Every marketplace model always starts with the supply side, whether it’s filled artificially or for real. For Uber, it was drivers. For TopTal, it was developers. For Hey Marketers, it’s job postings.
So I began backfilling the site with open jobs from the last 3 weeks. Many employers only have a hiring window of 4–6 weeks and I figured that by the time I launched the oldest jobs would be just about to expire. One-by-one, completely manual, I entered over 100+ into the Webflow CMS.
It took me a few days, and I don’t think I would’ve survived if I didn’t have Parks & Rec playing while I did it, but it got done.
And now that the jobs were there, the site was built, and everything was functioning, the clock was now ticking.
Every day that I don’t launch is another day that the jobs get older and less interesting. Every day that I don’t launch is also another day I wait to actually make money from this project.
This pressure is good because it forced me to launch earlier than I expected.
I kept adding job postings manually when I saw them to keep the flywheel going because I knew it was key to driving traffic and building momentum but MAN is it difficult.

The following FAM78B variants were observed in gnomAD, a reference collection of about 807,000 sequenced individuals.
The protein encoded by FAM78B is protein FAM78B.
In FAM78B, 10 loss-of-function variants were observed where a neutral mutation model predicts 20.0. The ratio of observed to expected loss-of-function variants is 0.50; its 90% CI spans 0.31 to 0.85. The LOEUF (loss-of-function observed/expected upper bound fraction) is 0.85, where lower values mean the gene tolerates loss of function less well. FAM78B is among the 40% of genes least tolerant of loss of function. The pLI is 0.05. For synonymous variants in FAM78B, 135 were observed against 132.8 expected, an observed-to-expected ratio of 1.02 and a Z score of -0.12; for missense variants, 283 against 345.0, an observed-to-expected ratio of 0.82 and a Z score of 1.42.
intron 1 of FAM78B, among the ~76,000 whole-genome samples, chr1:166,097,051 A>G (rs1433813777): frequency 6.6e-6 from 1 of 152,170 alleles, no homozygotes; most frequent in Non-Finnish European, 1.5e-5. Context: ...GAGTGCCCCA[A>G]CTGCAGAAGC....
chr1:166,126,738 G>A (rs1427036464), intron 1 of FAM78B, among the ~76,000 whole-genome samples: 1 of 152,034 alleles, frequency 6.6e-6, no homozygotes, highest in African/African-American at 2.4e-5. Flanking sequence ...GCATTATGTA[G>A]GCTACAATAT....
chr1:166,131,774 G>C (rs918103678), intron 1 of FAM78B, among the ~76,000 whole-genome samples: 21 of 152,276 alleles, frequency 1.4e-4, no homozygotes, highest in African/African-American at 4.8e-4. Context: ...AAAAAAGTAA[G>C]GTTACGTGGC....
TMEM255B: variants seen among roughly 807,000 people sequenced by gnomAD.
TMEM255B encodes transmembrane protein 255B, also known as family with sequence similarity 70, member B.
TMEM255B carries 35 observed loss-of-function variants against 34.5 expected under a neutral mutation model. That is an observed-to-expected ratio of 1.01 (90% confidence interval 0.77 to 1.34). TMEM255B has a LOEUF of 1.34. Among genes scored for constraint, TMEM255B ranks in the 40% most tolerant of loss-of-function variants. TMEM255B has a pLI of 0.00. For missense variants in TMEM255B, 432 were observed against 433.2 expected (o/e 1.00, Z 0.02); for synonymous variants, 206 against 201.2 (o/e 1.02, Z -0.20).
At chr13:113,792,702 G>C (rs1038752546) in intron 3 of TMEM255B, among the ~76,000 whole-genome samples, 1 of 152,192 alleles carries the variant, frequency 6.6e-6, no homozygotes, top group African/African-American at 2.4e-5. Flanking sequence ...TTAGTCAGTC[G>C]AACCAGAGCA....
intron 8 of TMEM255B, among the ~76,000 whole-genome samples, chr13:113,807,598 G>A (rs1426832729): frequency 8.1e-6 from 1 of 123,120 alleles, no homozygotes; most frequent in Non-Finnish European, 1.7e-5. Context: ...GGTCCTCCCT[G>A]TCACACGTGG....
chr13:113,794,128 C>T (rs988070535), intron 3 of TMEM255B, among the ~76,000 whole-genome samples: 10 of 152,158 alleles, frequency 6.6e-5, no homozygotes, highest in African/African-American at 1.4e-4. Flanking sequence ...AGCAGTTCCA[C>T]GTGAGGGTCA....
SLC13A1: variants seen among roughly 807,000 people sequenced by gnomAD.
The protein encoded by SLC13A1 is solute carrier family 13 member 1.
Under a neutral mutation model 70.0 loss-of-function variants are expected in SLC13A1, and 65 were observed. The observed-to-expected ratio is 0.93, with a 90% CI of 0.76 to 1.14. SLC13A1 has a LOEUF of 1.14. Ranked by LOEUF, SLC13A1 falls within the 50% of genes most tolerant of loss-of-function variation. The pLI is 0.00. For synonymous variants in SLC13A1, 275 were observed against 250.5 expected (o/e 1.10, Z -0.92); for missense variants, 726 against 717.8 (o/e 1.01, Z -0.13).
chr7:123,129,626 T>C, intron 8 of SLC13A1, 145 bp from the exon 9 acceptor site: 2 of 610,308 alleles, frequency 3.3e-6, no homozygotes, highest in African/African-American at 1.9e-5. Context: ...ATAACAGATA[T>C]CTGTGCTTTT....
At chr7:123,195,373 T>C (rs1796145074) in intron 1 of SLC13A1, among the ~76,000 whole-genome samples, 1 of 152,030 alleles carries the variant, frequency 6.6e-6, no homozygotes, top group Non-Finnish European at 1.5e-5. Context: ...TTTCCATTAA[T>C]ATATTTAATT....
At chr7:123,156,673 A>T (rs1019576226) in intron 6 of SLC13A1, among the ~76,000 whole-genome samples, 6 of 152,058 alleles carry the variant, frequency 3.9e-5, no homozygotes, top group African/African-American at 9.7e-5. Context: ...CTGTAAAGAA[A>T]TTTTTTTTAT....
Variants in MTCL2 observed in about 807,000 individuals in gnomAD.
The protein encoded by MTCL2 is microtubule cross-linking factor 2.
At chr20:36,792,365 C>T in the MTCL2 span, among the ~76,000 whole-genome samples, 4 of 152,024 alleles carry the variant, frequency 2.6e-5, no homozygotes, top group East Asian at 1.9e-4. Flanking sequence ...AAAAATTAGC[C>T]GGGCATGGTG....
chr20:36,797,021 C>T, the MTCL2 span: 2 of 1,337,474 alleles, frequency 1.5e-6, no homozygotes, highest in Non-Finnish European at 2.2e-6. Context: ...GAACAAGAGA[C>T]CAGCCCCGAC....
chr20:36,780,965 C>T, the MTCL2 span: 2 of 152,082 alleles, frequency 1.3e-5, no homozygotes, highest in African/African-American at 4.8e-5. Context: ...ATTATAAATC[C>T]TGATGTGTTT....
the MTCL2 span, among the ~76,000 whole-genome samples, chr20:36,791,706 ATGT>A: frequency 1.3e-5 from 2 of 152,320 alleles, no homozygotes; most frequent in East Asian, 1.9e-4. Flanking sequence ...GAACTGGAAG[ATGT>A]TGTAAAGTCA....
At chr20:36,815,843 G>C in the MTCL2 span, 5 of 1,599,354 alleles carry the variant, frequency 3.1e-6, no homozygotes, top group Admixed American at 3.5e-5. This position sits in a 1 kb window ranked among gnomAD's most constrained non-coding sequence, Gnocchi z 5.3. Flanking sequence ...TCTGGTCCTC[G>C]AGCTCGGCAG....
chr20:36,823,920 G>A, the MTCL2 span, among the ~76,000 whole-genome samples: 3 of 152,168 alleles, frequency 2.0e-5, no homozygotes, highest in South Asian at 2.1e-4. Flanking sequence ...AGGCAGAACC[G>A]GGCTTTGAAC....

I’m glad I had the foresight to do this because while it was really difficult, I think it also helped launch and become a self-sustaining “marketplace.”
CH: Something unconventional I decided to do was to make the job postings a “pay what you want” model. Essentially, when a company posts an open job, they can choose how much they want to pay.
I did this originally because I felt like it wasn’t fair to make companies pay a lot when I didn’t have a lot of traffic yet and also figured it would get more companies to post jobs, which would help me launch it and build momentum.
I’m REALLY glad I did this because it’s given me a ton of price points that will eventually help me determine what a fair market rate will be going forward.
I’ve seen companies pay $1, $299, and everything in between. But now I have lots of data to see what people think is fair, which I wouldn’t have gotten if I had just made it free, charged $1, or even tried to charge a larger amount from the beginning like $200.
It’s really important to test pricing in the beginning, and I’d highly recommend testing a “pay what you want” model if you can pull it off and is a good fit for your project.
CH: You can find Hey Marketers at heymarketers.com. My personal site is at coreyhaines.co. I tweet pretty often and you can follow me @coreyhainesco